My earlier statement was referring to that mandatory-for-good-looking thing, whereas my current statement was referring to optional-but-better-looking, get it? Like softwareNerd said.

Edited by softwareNerd

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Hm, I guess I took the earlier statement to mean that you didn't care one bit for things that weren't rooted in how one took care of or presented themselves. Just as you said "who cares if a guy has a square jaw," I could say "who cares if a guy has blue eyes?," because jaw shape and eye color aren't character-based traits, so why care for them, whether in a mandatory or preferential manner. Right, so why even care for them?

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Right, so why even care for them?

Do you prefer roses or daffodils? Liver and onions or pizza? Blue or red? Most people I've met can answer those questions definitively and roses pizza and blue don't have character traits, either.

Now, I don't know how important this is, but there's been some psychological research indicating that women tend to "prefer" physical traits that are genetically similar but not too similar to those possessed by their father. (The initial research was based on smell, go figure). (My dad is tall, lean, has blue eyes and wears glasses, btw.) The researchers weren't really certain what you could conclude from that, if anything, but there was some suggestion that it may be a mechanism for preserving good genetic traits while not reinforcing bad ones. I'm not a psychologist, I don't know. What I'm saying is that there may be a reason for these preferences regardless of whether they are under direct conscious control.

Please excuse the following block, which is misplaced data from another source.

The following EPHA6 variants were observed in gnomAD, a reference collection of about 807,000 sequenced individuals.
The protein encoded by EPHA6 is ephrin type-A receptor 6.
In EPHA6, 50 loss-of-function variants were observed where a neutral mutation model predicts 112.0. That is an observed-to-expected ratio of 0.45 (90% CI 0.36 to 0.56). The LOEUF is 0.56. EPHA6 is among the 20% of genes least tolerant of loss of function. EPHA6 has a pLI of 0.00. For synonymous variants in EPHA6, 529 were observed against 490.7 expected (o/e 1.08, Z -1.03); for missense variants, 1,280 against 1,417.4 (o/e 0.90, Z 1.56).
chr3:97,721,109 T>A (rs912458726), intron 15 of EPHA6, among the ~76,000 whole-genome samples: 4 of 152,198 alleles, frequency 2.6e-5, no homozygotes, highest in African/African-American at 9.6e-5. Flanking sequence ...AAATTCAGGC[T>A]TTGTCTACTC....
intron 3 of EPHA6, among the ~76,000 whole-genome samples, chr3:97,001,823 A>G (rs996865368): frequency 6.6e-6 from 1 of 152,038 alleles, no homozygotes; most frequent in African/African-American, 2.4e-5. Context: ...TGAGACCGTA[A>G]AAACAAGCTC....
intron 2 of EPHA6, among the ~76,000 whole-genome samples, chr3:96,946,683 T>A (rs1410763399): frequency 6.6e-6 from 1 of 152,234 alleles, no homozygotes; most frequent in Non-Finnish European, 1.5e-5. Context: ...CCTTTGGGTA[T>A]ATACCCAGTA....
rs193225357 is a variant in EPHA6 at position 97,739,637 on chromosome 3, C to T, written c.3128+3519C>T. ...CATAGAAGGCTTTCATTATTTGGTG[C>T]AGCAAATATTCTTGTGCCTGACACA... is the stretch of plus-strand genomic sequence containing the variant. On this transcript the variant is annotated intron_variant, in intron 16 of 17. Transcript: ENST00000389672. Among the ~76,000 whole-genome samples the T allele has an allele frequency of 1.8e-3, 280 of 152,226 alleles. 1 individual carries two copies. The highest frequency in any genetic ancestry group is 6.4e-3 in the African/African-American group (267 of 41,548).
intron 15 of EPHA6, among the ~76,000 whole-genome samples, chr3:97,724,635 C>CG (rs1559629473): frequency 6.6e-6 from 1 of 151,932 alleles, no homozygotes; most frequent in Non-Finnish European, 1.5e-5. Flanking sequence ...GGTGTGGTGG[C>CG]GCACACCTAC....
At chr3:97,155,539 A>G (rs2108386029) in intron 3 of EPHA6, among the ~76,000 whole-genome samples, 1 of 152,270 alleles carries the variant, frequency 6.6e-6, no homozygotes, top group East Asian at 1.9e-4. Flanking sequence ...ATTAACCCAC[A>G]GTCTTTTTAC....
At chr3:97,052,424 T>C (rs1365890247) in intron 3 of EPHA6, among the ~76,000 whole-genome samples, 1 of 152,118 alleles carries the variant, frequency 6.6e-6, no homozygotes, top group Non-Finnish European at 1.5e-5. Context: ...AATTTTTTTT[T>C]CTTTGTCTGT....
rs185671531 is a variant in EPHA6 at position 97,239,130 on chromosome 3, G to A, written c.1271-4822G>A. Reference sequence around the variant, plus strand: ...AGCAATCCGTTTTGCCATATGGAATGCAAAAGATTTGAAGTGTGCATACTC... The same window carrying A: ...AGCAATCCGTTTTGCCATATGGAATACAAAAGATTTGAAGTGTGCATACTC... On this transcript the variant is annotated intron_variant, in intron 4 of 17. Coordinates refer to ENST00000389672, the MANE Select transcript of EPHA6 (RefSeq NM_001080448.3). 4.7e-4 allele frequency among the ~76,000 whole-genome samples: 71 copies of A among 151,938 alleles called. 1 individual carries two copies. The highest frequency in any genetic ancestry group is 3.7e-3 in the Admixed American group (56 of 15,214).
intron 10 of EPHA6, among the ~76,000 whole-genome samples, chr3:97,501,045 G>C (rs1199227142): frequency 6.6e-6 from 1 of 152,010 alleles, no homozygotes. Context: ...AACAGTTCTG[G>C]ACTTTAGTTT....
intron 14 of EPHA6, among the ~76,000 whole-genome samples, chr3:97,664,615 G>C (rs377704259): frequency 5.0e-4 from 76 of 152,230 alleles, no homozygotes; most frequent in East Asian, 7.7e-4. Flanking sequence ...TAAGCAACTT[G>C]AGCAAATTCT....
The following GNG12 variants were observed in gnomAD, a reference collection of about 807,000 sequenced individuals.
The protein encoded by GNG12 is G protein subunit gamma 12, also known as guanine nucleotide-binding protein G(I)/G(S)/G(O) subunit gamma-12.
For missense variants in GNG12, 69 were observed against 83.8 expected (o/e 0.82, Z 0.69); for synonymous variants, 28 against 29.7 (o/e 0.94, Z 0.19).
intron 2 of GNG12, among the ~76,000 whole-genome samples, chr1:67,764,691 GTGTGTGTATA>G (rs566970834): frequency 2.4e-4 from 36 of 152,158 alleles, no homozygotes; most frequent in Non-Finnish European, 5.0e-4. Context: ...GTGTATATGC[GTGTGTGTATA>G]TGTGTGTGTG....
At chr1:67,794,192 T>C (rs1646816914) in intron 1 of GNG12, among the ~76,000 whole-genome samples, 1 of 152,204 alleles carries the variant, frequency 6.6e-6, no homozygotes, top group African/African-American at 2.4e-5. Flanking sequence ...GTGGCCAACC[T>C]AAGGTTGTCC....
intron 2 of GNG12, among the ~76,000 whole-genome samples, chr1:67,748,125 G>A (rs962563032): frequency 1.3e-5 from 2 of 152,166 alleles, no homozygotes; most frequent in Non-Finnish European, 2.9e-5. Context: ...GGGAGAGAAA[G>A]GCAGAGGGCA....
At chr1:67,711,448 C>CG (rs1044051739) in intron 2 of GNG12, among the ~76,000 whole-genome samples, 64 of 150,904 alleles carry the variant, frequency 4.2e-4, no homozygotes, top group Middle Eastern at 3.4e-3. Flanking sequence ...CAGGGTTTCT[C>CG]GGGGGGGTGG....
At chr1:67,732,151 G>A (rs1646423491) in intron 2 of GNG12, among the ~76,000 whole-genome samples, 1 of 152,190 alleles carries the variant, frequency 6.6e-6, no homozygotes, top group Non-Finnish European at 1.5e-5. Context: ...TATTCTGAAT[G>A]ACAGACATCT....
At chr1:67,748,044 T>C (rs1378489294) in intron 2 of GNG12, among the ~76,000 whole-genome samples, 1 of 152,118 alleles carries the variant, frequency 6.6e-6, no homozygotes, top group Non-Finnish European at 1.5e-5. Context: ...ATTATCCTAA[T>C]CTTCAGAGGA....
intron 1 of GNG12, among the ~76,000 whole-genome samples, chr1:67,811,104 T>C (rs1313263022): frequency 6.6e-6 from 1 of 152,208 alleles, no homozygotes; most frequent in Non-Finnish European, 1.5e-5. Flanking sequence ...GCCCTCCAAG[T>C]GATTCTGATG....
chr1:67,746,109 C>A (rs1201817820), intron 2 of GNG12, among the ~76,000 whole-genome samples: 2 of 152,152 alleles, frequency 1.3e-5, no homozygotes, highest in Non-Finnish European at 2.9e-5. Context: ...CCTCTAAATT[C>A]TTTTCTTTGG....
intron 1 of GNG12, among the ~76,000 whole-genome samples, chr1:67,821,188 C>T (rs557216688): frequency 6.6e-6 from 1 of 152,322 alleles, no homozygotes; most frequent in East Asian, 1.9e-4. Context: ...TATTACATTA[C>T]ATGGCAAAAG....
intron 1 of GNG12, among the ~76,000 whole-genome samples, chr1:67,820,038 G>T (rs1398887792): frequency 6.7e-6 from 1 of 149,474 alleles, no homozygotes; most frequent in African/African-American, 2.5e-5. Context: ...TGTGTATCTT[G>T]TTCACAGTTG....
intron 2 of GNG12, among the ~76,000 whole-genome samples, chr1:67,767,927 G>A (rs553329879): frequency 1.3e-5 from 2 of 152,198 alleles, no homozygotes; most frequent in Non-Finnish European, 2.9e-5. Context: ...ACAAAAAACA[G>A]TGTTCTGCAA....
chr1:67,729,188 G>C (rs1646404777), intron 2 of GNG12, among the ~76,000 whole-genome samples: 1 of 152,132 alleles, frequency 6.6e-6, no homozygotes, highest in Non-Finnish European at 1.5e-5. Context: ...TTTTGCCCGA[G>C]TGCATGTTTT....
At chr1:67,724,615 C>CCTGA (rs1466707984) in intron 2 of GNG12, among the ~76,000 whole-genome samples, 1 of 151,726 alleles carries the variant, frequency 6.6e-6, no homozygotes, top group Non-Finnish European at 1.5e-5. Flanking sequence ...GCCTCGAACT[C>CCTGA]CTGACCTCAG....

Humans also have pheremones that encourage us to be a little bit more relaxed. That doesn't mean you should intentionally try to be tense and irritable in social settings because you might be affected by pheremones! You are responding to a real stimulus and there's nothing wrong with that; it doesn't interfere with your ability to think, it may actually improve it by making it easier to decide between two very similar alternatives.

If one is going to intentionally reject everything that isn't under direct conscious control, you'll wind up refusing to eat chocolate (causes a release of seretonin and a "feel good" sensation) heck, probably refusing to eat ANYTHING because all chemicals have some kind of affect on your body . . . but wait . . . not eating is kind of uncomfortable . . .

ARRRGH I'm stuck in this body that stubbornly insists on having an identity and providing me with all these stimuli! Help! Help!

Does that answer your question?

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I want to provide some extra context because I think I understand why you are confused. The initial post you quoted was responding to a thread where people were trying to come up with an objective definition of what "beauty" is, (especially pertaining to women) and I happen to think that such attempts are ultimately doomed to failure, much like trying to explain what "blue" is to a blind man. You may be able to come up with some reasons why some broad, general traits are considered desirable/undesirable, but ultimately you won't be able to say whether you find a particular person attractive until you see them.